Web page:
For the analysis, annual adherence and nonadherence were defined on the grounds of days covered by the purchases of statins. A period of 365 days was defined as adherent for a patient if he or she had 3 or more purchases (each covering the use for 3 months) of statin drugs within that year, and the time between the first and the last purchase was 180 days or more. This period of 365 days was defined as nonadherent if these requirements were not met. This corresponds to an adherence level of <80%, a generally used definition of poor medication adherence (14). To examine dose–response association, we used the adherence thresholds of <30% (poor adherence), 30% to 80% (intermediate adherence), and >80% (high adherence) defined by yearly statin purchases of none to 1, 2, and 3 or more, respectively. Individuals who had only 1 purchase over the whole follow-up period from 1995 to 2007 were removed from the analyses because it may be an indication that statins produced significant side effects.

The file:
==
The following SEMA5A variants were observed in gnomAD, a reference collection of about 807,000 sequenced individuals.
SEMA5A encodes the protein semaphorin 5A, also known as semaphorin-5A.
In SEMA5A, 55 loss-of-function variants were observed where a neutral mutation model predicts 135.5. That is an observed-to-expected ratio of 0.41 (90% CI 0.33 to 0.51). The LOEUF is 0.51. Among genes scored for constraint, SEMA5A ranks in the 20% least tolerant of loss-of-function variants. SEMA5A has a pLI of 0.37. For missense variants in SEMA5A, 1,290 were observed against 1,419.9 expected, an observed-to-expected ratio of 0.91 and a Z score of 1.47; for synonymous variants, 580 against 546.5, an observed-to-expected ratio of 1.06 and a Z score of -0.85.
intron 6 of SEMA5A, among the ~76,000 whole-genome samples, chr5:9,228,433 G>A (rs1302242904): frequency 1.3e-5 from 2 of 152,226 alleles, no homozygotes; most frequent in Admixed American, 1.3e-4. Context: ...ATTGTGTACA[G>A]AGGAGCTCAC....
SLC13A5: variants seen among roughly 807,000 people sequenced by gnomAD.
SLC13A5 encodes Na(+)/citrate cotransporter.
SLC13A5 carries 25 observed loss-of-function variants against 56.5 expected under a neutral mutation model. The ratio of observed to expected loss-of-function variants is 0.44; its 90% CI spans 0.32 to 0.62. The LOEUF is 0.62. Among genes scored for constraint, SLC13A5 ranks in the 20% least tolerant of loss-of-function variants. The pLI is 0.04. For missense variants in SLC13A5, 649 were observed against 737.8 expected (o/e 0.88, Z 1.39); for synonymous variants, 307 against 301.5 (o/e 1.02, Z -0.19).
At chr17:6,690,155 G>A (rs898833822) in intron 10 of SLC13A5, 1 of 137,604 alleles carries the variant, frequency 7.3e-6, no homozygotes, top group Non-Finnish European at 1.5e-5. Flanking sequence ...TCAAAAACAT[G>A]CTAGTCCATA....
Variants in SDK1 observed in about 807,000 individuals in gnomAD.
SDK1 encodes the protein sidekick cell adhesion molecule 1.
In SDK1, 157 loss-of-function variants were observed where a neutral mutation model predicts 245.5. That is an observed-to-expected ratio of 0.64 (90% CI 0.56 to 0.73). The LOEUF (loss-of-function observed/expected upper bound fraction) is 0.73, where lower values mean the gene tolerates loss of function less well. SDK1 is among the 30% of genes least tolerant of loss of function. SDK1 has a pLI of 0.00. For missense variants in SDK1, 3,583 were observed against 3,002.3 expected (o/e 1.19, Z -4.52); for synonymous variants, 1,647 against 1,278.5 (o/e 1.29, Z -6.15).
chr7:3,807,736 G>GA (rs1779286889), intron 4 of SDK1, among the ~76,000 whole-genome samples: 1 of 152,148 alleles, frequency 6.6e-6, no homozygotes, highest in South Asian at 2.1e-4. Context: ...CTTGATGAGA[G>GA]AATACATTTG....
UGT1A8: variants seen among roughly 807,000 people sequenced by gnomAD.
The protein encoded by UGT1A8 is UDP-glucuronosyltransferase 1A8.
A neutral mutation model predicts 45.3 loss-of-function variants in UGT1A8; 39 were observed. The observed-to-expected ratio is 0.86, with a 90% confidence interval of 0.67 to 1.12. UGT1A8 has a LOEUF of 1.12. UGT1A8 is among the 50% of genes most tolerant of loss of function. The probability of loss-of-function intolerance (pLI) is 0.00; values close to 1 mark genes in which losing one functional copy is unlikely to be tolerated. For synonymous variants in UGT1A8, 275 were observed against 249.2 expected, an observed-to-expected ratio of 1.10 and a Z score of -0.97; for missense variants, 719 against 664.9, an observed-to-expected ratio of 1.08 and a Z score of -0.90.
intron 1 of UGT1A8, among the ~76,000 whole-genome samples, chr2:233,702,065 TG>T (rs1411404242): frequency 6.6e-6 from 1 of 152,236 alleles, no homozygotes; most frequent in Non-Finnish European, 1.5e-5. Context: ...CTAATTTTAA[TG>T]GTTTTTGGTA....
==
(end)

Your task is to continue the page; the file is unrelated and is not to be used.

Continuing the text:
Adherence to antihypertensive therapy
For the analyses of hypercholesterolemia individuals with hypertension, we also obtained data for antihypertensive drugs, coded as C02 (antihypertensive agents), C03 (diuretic agents), C07 (beta-blocking agents), C08 (calcium channel blockers), or C09 (agents acting on the renin–angiotensin system). Measuring and defining adherence to antihypertensive therapy were the same as those of statin therapy described in the preceding text.
Cases and controls
Hypercholesterolemia patients were divided into 2 groups: those who died from a stroke (cases) and those who did not have stroke or cardiovascular events between 1987 and 2007 (controls). The hospitalizations or deaths due to stroke during the follow-up were indicated by an underlying cause of hospitalization or death of a cerebrovascular disease (International Classification of Diseases-10th Revision [ICD-10] codes I60–I69). To minimize the possibility of reverse causality, patients who had a history of nonfatal stroke or cardiovascular event (ICD-10 codes I00–I99 except I10) before fatal stroke were excluded from the analyses. The control group consisted of hypercholesterolemia patients who had no record of cardiovascular or stroke events before, or during, the follow-up period in mortality and hospitalization registers.